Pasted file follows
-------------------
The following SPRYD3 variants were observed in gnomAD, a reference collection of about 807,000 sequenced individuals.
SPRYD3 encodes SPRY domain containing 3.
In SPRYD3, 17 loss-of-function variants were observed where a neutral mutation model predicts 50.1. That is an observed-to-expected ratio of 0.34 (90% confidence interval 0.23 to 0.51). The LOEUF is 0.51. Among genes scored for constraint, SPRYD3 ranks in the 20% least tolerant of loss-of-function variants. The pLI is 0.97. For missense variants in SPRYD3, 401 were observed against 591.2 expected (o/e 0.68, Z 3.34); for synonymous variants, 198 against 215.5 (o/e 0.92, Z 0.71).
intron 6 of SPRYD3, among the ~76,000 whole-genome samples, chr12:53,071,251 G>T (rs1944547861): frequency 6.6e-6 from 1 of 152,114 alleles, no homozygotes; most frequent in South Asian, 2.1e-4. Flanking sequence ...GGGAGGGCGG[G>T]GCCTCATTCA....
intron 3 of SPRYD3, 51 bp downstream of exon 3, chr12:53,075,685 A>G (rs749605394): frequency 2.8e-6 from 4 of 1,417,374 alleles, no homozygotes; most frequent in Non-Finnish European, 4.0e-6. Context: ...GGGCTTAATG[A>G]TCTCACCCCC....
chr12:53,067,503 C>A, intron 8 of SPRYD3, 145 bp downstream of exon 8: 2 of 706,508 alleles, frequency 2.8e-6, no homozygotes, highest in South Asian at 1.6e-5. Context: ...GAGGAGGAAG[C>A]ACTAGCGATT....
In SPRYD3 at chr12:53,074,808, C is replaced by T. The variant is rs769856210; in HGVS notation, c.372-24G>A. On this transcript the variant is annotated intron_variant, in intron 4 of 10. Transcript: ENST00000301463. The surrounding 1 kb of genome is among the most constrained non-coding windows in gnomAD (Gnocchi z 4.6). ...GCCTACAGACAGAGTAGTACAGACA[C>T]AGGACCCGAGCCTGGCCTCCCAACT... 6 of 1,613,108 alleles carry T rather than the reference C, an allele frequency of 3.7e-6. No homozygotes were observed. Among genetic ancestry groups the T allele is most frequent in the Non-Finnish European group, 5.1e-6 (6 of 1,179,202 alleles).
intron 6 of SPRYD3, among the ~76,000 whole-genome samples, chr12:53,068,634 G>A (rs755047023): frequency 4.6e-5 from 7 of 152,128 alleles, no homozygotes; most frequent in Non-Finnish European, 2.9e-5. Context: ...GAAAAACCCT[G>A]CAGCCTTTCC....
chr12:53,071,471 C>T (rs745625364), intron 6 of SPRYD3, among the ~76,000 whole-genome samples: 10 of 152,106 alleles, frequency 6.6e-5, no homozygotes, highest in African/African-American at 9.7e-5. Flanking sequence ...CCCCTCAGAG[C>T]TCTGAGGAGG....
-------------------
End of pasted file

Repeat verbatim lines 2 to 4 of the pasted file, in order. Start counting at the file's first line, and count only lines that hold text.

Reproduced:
SPRYD3 encodes SPRY domain containing 3.
In SPRYD3, 17 loss-of-function variants were observed where a neutral mutation model predicts 50.1. That is an observed-to-expected ratio of 0.34 (90% confidence interval 0.23 to 0.51). The LOEUF is 0.51. Among genes scored for constraint, SPRYD3 ranks in the 20% least tolerant of loss-of-function variants. The pLI is 0.97. For missense variants in SPRYD3, 401 were observed against 591.2 expected (o/e 0.68, Z 3.34); for synonymous variants, 198 against 215.5 (o/e 0.92, Z 0.71).
intron 6 of SPRYD3, among the ~76,000 whole-genome samples, chr12:53,071,251 G>T (rs1944547861): frequency 6.6e-6 from 1 of 152,114 alleles, no homozygotes; most frequent in South Asian, 2.1e-4. Flanking sequence ...GGGAGGGCGG[G>T]GCCTCATTCA....